Soon after, Tsushima was arrested for his involvement with the banned Japanese Communist Party and, upon learning this, his elder brother Bunji promptly cut off his allowance again. Tsushima went into hiding, but Bunji, despite their estrangement, managed to get word to him that charges would be dropped and the allowance reinstated yet again if he solemnly promised to graduate and swear off any involvement with the party. Tsushima accepted the offer.

Early literary career

Tsushima in 1928 Osamu Dazai1928.jpg
Tsushima in 1928

Tsushima kept his promise and settled down a bit. He managed to obtain the assistance of established writer Masuji Ibuse, whose connections helped him get his works published and establish his reputation.

The next few years were productive for Tsushima. He wrote at a feverish pace and used the pen name "Osamu Dazai" for the first time in a short story called "Ressha" ("列車," "Train") in 1933: his first experiment with the first-person autobiographical style that later became his trademark. [12]

However, in 1935 it started to become clear to Dazai that he would not graduate. He failed to obtain a job at a Tokyo newspaper as well. He finished The Final Years, which was intended to be his farewell to the world, and tried to hang himself March 19, 1935, failing yet again.

Less than three weeks after his third suicide attempt, Dazai developed acute appendicitis and was hospitalized, during which time he became addicted to Pabinal, a morphine-based painkiller. After fighting the addiction for a year, in October 1936 he was taken to a mental institution, [13] locked in a room and forced to quit cold turkey.

The treatment lasted over a month, during which time Dazai's wife Hatsuyo committed adultery with his best friend Zenshirō Kodate[ clarification needed ][ citation needed ] This eventually came to light and Dazai attempted to commit double suicide with his wife. They both took sleeping pills, but neither one died, so he divorced her. He quickly remarried, this time to a middle school teacher named Michiko Ishihara (石原美知子 Ishihara Michiko). Their first daughter, Sonoko (園子), was born in June 1941.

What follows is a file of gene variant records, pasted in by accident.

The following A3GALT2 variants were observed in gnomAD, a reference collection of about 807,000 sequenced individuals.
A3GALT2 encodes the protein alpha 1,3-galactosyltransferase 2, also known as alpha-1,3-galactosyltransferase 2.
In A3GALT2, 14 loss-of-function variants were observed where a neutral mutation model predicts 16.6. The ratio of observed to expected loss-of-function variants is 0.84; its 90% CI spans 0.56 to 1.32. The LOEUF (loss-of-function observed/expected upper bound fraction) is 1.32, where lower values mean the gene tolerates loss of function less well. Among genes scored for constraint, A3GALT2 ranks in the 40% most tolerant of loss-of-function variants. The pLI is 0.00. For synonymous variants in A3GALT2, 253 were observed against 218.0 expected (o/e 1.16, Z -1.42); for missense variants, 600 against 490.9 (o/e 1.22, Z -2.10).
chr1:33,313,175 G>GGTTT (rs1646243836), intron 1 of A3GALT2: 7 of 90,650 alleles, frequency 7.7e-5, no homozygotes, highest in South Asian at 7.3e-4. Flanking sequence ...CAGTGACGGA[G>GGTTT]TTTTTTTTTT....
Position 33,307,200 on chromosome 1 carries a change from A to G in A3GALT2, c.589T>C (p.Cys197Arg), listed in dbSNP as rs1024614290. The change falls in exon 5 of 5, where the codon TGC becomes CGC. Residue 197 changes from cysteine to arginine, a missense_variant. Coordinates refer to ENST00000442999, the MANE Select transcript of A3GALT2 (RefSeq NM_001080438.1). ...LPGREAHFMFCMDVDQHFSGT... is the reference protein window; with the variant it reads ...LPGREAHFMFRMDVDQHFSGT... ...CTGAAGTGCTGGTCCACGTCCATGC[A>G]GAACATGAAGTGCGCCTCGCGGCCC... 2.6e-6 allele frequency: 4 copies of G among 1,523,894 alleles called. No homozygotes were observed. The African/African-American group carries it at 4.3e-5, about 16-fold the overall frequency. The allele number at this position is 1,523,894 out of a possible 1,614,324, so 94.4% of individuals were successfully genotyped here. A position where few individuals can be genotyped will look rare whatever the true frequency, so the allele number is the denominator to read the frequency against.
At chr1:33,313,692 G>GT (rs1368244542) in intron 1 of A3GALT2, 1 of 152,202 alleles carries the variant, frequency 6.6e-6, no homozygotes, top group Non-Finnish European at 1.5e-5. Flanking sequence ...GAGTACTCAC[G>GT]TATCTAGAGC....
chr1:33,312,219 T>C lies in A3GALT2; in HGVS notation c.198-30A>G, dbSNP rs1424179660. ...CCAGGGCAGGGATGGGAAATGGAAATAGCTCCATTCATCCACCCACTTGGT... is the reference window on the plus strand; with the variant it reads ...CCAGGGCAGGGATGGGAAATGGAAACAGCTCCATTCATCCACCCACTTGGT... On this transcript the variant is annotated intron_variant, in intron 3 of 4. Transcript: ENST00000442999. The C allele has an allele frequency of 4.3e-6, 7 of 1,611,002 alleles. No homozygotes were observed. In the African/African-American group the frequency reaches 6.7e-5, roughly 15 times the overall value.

In the 1930s and 1940s, Dazai wrote a number of subtle novels and short stories that are autobiographical in nature. His first story, Gyofukuki (魚服記, 1933), is a grim fantasy involving suicide. Other stories written during this period include Dōke no hana (道化の花, The Flowers of Buffoonery, 1935), Gyakkō (逆行, Against the Current, 1935), Kyōgen no kami (狂言の神, The God of Farce, 1936), an epistolary novel Kyokō no Haru (虚構の春, False Spring, 1936) and those published in his 1936 collection Bannen (Declining Years), which describe his sense of personal isolation and his debauchery.

Dazai in 1946 Osamu Dazai1946.jpg
Dazai in 1946

Wartime years

Dazai in 1947-1948 OsamuDazai.jpg
Dazai in 1947-1948

Japan entered the Pacific War in December, but Dazai was excused from the draft because of his chronic chest problems, as he was diagnosed with tuberculosis. The censors became more reluctant to accept Dazai's offbeat work, but he managed to publish quite a bit anyway, remaining one of the very few authors who managed to get this kind of material accepted in those years.

A number of the stories which Dazai published during World War II were retellings of stories by Ihara Saikaku (1642–1693). His wartime works included Udaijin Sanetomo (Minister of the Right Sanetomo, 1943), Tsugaru (1944), Pandora no hako (Pandora's Box, 1945–46), and the delightful Otogizōshi (Fairy Tales, 1945) in which he retold a number of old Japanese fairy tales with vividness and wit.

His house was burned down twice in the American air raids against Tokyo, but Dazai's family escaped unscathed, with a son, Masaki (正樹), born in 1944. His third child, daughter Satoko (里子), who later became a famous writer under the pseudonym Yūko Tsushima (津島佑子), was born in May 1947.

Post-war career

In the immediate post-war period, Dazai reached the height of his popularity.